The very next morning we left Punta on the bus to Colonia.  As homesick as we were for Buenos Aires and our favorite milongas, we still had a few hours to kill before boarding the ferry.  We wandered around the historic district, walked out to the point and the lighthouse, and finally settled in for light refreshments at one of our favorite waterfront bistros.

I love this view.

Santos kicked back.

We watched a boat sail in to the marina on a gentle breeze.

Over and out from la Colonia del Sacramento!

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Here’s Looking at Portland

Portlandevening2*

PORTLAND IS ALL ABOUT THE RIVER… broad and busy by day, stunningly elegant by night.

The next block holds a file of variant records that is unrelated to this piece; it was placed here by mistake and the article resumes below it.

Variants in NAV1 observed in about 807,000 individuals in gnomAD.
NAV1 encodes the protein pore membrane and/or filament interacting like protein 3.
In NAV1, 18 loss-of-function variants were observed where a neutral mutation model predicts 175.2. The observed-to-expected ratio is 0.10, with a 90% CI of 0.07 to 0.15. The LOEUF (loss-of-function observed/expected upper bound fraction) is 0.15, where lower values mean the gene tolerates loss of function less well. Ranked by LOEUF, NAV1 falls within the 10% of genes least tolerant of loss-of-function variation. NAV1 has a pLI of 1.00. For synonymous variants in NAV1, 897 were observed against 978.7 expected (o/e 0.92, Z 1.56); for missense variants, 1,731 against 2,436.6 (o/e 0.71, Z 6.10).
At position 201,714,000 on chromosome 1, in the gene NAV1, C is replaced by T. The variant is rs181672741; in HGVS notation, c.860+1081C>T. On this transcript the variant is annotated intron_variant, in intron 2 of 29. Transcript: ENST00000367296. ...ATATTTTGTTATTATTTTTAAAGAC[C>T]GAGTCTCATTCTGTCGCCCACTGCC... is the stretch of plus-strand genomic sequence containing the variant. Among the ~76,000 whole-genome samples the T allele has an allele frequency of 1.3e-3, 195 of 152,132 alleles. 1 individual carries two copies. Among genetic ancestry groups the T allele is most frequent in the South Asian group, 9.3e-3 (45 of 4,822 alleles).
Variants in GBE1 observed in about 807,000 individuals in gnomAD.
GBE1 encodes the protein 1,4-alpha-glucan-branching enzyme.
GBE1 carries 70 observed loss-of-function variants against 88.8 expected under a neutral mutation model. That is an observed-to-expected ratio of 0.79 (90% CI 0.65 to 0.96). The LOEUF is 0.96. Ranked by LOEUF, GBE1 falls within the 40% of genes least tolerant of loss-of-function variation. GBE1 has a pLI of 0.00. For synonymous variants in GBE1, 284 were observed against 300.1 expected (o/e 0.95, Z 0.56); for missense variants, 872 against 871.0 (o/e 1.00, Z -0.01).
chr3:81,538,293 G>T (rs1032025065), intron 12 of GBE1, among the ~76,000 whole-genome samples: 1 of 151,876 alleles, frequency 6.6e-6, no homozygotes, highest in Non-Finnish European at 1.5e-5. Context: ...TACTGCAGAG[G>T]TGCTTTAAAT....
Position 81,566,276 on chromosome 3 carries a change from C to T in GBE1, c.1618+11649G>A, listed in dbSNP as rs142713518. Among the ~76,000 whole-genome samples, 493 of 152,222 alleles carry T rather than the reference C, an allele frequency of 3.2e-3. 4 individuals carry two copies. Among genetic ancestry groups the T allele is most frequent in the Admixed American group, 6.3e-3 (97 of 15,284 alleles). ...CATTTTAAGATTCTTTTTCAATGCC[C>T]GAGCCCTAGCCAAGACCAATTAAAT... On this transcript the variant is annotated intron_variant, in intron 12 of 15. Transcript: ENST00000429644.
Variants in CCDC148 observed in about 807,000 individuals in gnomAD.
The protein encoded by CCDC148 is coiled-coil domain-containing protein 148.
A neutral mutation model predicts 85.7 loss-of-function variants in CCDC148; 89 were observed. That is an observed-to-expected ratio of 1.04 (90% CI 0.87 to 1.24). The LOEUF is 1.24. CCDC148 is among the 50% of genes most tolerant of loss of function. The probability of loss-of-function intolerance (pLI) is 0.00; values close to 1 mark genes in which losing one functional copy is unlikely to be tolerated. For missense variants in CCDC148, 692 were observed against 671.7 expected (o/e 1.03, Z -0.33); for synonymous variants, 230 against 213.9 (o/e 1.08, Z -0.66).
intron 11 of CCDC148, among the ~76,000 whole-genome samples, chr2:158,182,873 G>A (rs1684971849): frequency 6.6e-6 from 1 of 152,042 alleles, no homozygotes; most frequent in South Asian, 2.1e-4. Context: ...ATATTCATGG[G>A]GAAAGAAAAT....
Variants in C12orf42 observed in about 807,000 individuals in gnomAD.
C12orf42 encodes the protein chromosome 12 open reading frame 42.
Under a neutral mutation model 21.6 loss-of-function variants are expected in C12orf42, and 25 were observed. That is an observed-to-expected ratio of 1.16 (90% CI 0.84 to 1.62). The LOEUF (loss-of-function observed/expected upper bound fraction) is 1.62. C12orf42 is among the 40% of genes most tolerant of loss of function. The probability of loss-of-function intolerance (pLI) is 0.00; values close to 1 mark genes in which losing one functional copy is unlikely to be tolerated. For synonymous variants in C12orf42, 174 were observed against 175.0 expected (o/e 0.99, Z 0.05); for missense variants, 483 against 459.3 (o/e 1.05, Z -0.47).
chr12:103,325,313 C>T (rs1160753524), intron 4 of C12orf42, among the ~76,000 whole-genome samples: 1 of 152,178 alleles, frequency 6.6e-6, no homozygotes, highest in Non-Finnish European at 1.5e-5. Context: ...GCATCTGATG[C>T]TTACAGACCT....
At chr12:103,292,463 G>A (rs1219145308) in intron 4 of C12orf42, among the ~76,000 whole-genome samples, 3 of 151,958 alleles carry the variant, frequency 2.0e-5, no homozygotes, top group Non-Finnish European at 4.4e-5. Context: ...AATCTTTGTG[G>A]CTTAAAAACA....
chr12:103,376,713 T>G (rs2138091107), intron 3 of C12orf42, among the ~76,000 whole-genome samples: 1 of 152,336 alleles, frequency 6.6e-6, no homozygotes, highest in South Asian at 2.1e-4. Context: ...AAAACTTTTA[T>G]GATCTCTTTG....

view of the the South Waterfront from further south

view of the the South Waterfront, taken from the Sellwood Bridge

Portland is a sprawling city of 600,000 bisected by the Willamette River, divided into quadrants, spanned by a dozen bridges, and bounded on its northern shore by the Columbia River and the state of Washington.

yacht harbor on a gorgeous day, taken from the waterfront bike trail

downtown yacht harbor, at the end of Montgomery St.

The Port of Portland, located about 80 miles upriver from the Pacific Ocean, is the largest freshwater port in the U.S.A. Portland ships out more wheat than any other U.S. port, and is the second largest port for wheat in the world.

The northernmost bridge of Portland is so Gotham City:

St. John's Bridge, photo by Ben

St. John’s Bridge, photo by Ben

Each bridge has its own flavor and story… all impressively heavy metal, functional, and even inspiring.

Hawthorne Bridge and boats

Hawthorne Bridge and yacht harbor on a gorgeous May day

the cute version

the cute version